Our self improvement writer Gemma Rose believes that the life of Qandeel Baloch ought to remind us to be our authentic selves.
I have written previously in this column about switching off the news. I thought that the summer of 2014 had been an aestas horribilis, but I think the summers of 2015 and 2016 have been strong contenders for the title. Rolf Dobelli, Swiss author of the best-selling book ‘The Art of Thinking Clearly’ does not follow the news. In his persuasive essay, ‘Avoid News’, he asks the question, “Out of approximately 10 000 news stories that you have read in the last 12 months, name one that – because you consumed it – allowed you to make a better decision about a serious matter affecting your life…?” He contends that the news is mostly irrelevant to our day-to-day decision making.
I am a huge consumer of news. I had recently been given a brand new and plush smartphone. Compared to my old phone, I could go on the internet pretty much everywhere. It was fantastic, but it also meant I spent too much time on news sites. So, as I was waiting for my flight after a lovely weekend in Rome, I learnt that a 26-year-old Pakistani social media star had been murdered, with her brother as the prime suspect. The victim’s name rang a bell. Only a week earlier, I had watched a short interview with Pakistan’s answer to Kim Kardashian, Qandeel Baloch, on the BBC website.
Qandeel came from a poor family, in a small town in a conservative district of Punjab. She was one of 12 siblings. Against her wishes, she was married off around the age of 17. By 19 years of age, she left her husband with her baby son in tow. She eventually gave her son back to his father and went on to finish her education and work at many jobs. In 2013, she started her showbiz career and joined Twitter. She managed to become self-sufficient and supported her family: buying her parent’s house and paying for her sister’s dowry.
She cut a controversial figure: regularly posting raunchy and sultry selfies; blood red lipstick against pale skin; her generous bosom and bottom on display in tightfitting leather or laced outfits. She had tens of thousands of followers on Twitter and Facebook; bands paid homage to her in their songs. Shortly before her death, she starred in a video called ‘Ban’, with her twerking in it. The video went viral.
So-called ‘honour’ killings are still common in Pakistan. There were nearly 1,000 of these murders in 2015, and, according to the Human Rights Commission of Pakistan, there has been a 39% increase between 2010 and 2015. There is no honour in murder. Pakistan appears to be acting: first, Qandeel’s murder has been designated as a crime against the state, which prevents her family from legally forgiving her brother and thus him walking away free, which is currently a loophole in the law. Secondly, it is hoped the closing of this loophole will be passed in Parliament.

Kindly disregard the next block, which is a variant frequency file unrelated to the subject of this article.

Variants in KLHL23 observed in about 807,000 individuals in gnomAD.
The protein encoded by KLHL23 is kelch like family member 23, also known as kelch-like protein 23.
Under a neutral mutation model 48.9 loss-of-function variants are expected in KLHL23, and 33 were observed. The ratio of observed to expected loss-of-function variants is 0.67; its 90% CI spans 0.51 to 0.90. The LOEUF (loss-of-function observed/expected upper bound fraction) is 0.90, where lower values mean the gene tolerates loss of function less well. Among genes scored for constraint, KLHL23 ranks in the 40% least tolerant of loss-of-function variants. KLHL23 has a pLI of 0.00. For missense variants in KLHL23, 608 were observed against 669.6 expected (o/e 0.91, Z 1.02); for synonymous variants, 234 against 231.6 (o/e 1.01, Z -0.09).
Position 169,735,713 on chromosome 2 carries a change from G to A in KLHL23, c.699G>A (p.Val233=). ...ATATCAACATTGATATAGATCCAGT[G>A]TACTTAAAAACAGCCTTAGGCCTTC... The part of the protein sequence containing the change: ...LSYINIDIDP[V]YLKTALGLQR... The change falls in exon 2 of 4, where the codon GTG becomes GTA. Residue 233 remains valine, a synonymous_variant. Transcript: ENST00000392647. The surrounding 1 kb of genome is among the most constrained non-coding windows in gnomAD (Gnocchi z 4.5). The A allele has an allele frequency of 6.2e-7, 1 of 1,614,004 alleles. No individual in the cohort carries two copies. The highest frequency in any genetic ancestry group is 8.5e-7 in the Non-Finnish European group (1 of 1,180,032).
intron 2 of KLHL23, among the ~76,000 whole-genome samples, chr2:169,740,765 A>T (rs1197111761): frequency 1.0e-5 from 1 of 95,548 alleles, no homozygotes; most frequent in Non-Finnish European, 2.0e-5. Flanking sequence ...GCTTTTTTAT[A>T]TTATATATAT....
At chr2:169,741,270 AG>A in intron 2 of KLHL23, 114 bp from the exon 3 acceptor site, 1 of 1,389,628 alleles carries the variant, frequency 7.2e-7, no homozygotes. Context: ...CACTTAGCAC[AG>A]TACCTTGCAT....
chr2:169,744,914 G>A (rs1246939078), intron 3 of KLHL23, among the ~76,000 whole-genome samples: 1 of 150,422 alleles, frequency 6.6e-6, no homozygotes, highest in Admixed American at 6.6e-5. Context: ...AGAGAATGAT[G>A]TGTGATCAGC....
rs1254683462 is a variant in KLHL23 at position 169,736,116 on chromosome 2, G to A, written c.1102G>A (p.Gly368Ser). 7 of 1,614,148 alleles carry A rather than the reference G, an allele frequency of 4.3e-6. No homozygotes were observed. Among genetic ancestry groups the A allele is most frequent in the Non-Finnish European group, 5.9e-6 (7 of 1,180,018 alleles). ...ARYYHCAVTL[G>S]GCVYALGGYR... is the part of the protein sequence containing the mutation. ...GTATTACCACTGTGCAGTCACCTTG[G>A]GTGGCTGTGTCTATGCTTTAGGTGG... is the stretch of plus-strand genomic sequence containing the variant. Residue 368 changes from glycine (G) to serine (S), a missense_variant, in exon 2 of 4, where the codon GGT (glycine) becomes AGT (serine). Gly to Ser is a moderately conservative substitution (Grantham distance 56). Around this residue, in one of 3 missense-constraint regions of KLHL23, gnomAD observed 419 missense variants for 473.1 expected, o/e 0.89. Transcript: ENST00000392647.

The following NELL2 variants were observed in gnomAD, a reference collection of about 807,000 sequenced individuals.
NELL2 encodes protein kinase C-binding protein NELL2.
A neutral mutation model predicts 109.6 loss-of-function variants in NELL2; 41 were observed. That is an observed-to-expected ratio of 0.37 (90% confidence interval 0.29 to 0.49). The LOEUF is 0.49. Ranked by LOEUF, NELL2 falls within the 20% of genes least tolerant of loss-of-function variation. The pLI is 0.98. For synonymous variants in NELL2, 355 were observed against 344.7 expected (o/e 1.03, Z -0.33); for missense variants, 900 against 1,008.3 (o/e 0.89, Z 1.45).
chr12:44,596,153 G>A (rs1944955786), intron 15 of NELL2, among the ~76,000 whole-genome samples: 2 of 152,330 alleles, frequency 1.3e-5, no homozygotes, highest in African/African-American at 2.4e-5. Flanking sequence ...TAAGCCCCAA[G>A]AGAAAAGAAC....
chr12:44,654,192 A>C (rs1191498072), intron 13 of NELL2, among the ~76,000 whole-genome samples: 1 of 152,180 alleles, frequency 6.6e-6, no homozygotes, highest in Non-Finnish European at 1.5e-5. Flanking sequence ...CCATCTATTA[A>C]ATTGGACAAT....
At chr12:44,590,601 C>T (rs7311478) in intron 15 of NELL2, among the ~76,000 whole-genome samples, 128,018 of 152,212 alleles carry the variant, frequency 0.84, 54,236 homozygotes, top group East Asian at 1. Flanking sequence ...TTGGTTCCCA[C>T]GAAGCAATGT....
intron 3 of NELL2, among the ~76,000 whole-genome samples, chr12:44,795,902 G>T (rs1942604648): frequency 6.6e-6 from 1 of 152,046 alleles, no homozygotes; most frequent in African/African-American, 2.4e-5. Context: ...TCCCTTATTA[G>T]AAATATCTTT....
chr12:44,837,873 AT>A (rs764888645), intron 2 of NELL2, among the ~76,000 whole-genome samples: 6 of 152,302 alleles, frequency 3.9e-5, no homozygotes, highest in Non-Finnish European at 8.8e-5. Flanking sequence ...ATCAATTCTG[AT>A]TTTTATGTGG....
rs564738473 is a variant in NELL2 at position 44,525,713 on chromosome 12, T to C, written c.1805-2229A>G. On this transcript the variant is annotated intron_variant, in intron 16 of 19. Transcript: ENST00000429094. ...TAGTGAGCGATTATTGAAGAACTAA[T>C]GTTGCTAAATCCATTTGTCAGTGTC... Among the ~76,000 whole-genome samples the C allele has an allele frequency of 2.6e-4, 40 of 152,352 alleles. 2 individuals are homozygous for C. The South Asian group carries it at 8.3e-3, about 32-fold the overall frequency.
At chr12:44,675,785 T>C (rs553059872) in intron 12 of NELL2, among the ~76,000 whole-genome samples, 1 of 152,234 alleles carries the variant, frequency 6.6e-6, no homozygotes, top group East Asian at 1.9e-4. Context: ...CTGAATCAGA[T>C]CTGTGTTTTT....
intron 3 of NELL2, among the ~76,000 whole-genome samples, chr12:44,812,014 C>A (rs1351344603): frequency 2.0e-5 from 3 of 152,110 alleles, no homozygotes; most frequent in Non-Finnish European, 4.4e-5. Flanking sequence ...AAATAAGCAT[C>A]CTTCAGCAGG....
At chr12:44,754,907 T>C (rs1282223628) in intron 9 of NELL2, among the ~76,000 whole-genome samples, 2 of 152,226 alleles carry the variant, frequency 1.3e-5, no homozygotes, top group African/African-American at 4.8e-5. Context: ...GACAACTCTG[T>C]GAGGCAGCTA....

As the Editor-in-chief of The Guardian, Katharine Viner, wrote recently: “We careen from outrage to outrage, but forget each one very quickly: it’s doomsday every afternoon.” It’s true, it’s easy to get lost in the sheer onslaught of bad news, but to respond to both Viner and Rolf Dobelli above, I cannot forget Qandeel’s death, nor her life. Not only am I outraged about the thousands of other Qandeels in Pakistan or elsewhere in the world who are killed because they dare to say no, or simply, be themselves. I am outraged at the pure hypocrisy of her death. According to the BBC, the cleric who happily posed for selfies with Qandeel – and was consequently suspended – has said that her murder should “serve as a lesson to others who want to mock religious figures”. Her brother accused her of dishonour, but she was the one financially supporting her family. Qandeel was accused daily of being a slut and disrespecting women, yet last year Pakistan topped the list of most porn-searching countries.
Like her or loathe her, Qandeel was a tiny light shining through the oppressive fog of patriarchy. She always brought good humour to her online persona, despite the danger she encountered. She was determined from the outset to make something of her life. When talking about her marriage she said: “I was not made for this. It was my wish since I was a child to become something, to be able to stand on my own two feet, to do something for myself.”
Qandeel died because she lived life on her terms. In our free society, we must not take such a privilege for granted but do justice to Qandeel – and the many like her – by being true to ourselves.